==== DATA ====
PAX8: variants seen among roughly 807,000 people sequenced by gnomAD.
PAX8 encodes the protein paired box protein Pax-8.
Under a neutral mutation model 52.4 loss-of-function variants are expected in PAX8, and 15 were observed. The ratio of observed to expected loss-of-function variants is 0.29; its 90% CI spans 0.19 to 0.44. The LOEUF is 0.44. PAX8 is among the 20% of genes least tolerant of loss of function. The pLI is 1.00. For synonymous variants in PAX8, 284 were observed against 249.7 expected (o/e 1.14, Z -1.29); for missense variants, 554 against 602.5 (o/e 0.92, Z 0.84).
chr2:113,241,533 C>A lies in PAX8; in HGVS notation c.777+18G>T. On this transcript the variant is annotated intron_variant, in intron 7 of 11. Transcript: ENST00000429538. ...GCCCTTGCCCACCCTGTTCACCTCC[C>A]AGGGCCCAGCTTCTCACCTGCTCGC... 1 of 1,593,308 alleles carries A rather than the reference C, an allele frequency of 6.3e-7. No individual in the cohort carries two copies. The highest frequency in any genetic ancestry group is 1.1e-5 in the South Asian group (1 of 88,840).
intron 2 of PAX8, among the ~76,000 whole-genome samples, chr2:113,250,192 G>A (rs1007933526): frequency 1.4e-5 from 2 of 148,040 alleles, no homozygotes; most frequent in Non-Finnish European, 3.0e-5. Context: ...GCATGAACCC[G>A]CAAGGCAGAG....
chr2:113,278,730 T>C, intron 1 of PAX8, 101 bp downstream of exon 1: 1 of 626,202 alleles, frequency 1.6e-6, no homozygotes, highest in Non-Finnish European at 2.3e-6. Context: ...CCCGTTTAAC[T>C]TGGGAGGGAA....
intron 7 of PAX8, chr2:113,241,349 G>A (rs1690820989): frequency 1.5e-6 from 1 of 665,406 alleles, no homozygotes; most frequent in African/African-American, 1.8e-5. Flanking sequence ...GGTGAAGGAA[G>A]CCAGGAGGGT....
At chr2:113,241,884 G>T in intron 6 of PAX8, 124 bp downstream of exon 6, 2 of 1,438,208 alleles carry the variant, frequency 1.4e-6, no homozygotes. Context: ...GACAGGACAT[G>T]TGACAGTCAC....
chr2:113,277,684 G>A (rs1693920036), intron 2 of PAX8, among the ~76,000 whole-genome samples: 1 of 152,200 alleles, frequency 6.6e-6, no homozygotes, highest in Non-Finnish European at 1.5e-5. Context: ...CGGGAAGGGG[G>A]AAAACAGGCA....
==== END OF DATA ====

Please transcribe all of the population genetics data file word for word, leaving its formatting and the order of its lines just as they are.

PAX8: variants seen among roughly 807,000 people sequenced by gnomAD.
PAX8 encodes the protein paired box protein Pax-8.
Under a neutral mutation model 52.4 loss-of-function variants are expected in PAX8, and 15 were observed. The ratio of observed to expected loss-of-function variants is 0.29; its 90% CI spans 0.19 to 0.44. The LOEUF is 0.44. PAX8 is among the 20% of genes least tolerant of loss of function. The pLI is 1.00. For synonymous variants in PAX8, 284 were observed against 249.7 expected (o/e 1.14, Z -1.29); for missense variants, 554 against 602.5 (o/e 0.92, Z 0.84).
chr2:113,241,533 C>A lies in PAX8; in HGVS notation c.777+18G>T. On this transcript the variant is annotated intron_variant, in intron 7 of 11. Transcript: ENST00000429538. ...GCCCTTGCCCACCCTGTTCACCTCC[C>A]AGGGCCCAGCTTCTCACCTGCTCGC... 1 of 1,593,308 alleles carries A rather than the reference C, an allele frequency of 6.3e-7. No individual in the cohort carries two copies. The highest frequency in any genetic ancestry group is 1.1e-5 in the South Asian group (1 of 88,840).
intron 2 of PAX8, among the ~76,000 whole-genome samples, chr2:113,250,192 G>A (rs1007933526): frequency 1.4e-5 from 2 of 148,040 alleles, no homozygotes; most frequent in Non-Finnish European, 3.0e-5. Context: ...GCATGAACCC[G>A]CAAGGCAGAG....
chr2:113,278,730 T>C, intron 1 of PAX8, 101 bp downstream of exon 1: 1 of 626,202 alleles, frequency 1.6e-6, no homozygotes, highest in Non-Finnish European at 2.3e-6. Context: ...CCCGTTTAAC[T>C]TGGGAGGGAA....
intron 7 of PAX8, chr2:113,241,349 G>A (rs1690820989): frequency 1.5e-6 from 1 of 665,406 alleles, no homozygotes; most frequent in African/African-American, 1.8e-5. Flanking sequence ...GGTGAAGGAA[G>A]CCAGGAGGGT....
At chr2:113,241,884 G>T in intron 6 of PAX8, 124 bp downstream of exon 6, 2 of 1,438,208 alleles carry the variant, frequency 1.4e-6, no homozygotes. Context: ...GACAGGACAT[G>T]TGACAGTCAC....
chr2:113,277,684 G>A (rs1693920036), intron 2 of PAX8, among the ~76,000 whole-genome samples: 1 of 152,200 alleles, frequency 6.6e-6, no homozygotes, highest in Non-Finnish European at 1.5e-5. Context: ...CGGGAAGGGG[G>A]AAAACAGGCA....